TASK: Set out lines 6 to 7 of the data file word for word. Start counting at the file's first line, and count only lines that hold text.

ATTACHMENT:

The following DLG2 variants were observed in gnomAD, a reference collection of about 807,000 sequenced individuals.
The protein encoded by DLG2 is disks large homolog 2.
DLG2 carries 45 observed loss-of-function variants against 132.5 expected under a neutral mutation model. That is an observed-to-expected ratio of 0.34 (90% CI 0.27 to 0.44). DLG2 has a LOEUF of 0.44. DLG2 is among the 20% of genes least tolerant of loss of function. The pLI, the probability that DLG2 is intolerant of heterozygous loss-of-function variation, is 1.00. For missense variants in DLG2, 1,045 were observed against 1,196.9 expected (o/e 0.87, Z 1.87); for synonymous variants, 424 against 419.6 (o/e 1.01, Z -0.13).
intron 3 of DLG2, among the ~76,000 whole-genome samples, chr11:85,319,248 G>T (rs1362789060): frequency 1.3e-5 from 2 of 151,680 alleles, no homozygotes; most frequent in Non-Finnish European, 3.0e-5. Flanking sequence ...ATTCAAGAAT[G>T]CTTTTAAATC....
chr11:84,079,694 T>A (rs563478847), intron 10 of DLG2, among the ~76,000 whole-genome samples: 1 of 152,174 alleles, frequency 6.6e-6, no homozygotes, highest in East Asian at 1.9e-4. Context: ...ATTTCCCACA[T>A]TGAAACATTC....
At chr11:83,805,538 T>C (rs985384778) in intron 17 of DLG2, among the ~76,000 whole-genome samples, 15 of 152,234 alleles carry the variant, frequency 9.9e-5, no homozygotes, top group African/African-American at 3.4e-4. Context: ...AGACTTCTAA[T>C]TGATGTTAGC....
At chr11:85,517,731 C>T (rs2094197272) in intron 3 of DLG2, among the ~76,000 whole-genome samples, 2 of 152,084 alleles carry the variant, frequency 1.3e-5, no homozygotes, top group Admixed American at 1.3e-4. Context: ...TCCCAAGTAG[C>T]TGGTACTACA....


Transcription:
At chr11:83,805,538 T>C (rs985384778) in intron 17 of DLG2, among the ~76,000 whole-genome samples, 15 of 152,234 alleles carry the variant, frequency 9.9e-5, no homozygotes, top group African/African-American at 3.4e-4. Context: ...AGACTTCTAA[T>C]TGATGTTAGC....
At chr11:85,517,731 C>T (rs2094197272) in intron 3 of DLG2, among the ~76,000 whole-genome samples, 2 of 152,084 alleles carry the variant, frequency 1.3e-5, no homozygotes, top group Admixed American at 1.3e-4. Context: ...TCCCAAGTAG[C>T]TGGTACTACA....